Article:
Does Nugent-Hopkins On LTIR Open Door For Big Cap Space Trade?

The Edmonton Oilers placed forward Ryan Nugent-Hopkins on long-term injury reserve (LTIR) this week. The move will take his $5.125 million salary and give the Oilers an additional $5.6 million in cap space. As per PuckPedia, GM Ken Holland can now exceed the NHL’s salary cap by $10.7 million, with plenty of room to theoretically make a big move, should the Oilers want to.

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But, does this move, and the subsequent decision to waive Kyle Turris and free up even more cap space, mean the Oilers are on the verge of doing something big? The answer is probably no, and here’s why.

Things Are Not That Simple

Unless the Oilers know something about Nugent-Hopkins’ injury that they aren’t letting on about and he’s done for the remainder of the regular season, his salary is not free money the Oilers can simply go out and spend. That $5.6 million in cap space is a deceptive number as the extra money gained by moving Nuge can only be spent if he’s out until the playoffs. In that instance, the Oilers can do what the Tampa Bay Lightning did with Nikita Kucherov and bring Nugent-Hopkins back for the start of postseason without a cap penalty.

Ryan Nugent-Hopkins Edmonton Oilers
Ryan Nugent-Hopkins, Edmonton Oilers (Jess Starr/The Hockey Writers)

There’s been no indication his injury is that serious. Therefore, once he’s activated, that cap hit has to come back onto the books.

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In other words, the Oilers can’t go out and trade for a player like Marc-Andre Fleury and add his pro-rated $7 million salary to the books because once Nugent-Hopkins is healthy, Edmonton won’t have enough space to keep both Fleury and their own forward. It’s the same theory that applies in Vegas, where the Golden Knights are going to have to decide what to do with a couple of contracts once Jack Eichel is ready to play and Max Pacioretty is healthy enough to return.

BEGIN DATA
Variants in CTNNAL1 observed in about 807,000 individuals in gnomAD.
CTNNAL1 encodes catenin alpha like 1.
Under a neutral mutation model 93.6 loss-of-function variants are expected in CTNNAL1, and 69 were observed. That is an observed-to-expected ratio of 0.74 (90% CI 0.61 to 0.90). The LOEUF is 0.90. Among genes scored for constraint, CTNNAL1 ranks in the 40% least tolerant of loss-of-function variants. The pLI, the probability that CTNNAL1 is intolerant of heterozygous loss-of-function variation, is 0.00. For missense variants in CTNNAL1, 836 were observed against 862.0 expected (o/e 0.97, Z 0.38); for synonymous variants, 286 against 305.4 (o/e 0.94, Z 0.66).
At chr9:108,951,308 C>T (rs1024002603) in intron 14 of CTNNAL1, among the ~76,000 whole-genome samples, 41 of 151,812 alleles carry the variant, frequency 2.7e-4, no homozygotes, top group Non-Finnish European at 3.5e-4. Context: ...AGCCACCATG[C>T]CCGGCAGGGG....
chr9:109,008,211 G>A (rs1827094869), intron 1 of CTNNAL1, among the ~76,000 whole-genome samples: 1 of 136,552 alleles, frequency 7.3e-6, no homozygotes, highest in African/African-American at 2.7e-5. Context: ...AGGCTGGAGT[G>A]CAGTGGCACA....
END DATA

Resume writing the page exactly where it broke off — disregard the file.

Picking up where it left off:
What Can the Oilers Do?

All the moved salary does is give the Oilers room to add in the short term. Remember, Nugent-Hopkins going on LTIR gets backdated or is retroactive to the date he went down with an injury (Dec 31). He only needs to miss 10 games to be considered LTIR eligible and he might be back after that, with postponed games counting among the 10.

Assuming the Oilers add Evander Kane, — Kane is expecting the NHL’s report from its investigation to come in Monday or Tuesday of next week — the obvious next step for Edmonton is to bring up some contracts from Bakersfield. There’s already been talk of the Oilers signing Brad Malone to an NHL contract and there could be additional moves with Seth Griffith being reassigned from the Condors to Edmonton’s taxi squad already.

From there, the team will likely move goaltender Ilya Konovalov from the position of emergency call-up goaltender (his cap hit is $0) to a regular call-up where his cap hit now counts. Either that or they’ll send him back to the AHL with Stuart Skinner ready to go after Saturday’s matchup against the Calgary Flames.

One Long-Shot Deal the Oilers Could Make

If the Oilers are contemplating trading Nugent-Hopkins, Edmonton could make a move now and make the Nugent-Hopkins deal later. This would require a few things to work, however.

First, Nugent-Hopkins has to agree. He’s got a no-move clause as part of his new contract, thus he would have to approve any deal. Second, the Oilers would have to work out the details of a trade, one that would need to be completed before Nugent-Hopkins is activated. That’s easier said than done. Finally, the Oilers would have to believe the piece they are adding is better than Nugent-Hopkins.

The Oilers have three players on LTIR in Nugent-Hopkins, Josh Archibald, and Oscar Klefbom. As it stands now, none of those players are deemed to be exclusively playoff returnees, with Nugent-Hopkins due back well before then. For a team that is struggling as badly as the Oilers are, it sounds good to hear the team has some cap space, but it means very little in the grand scheme of things.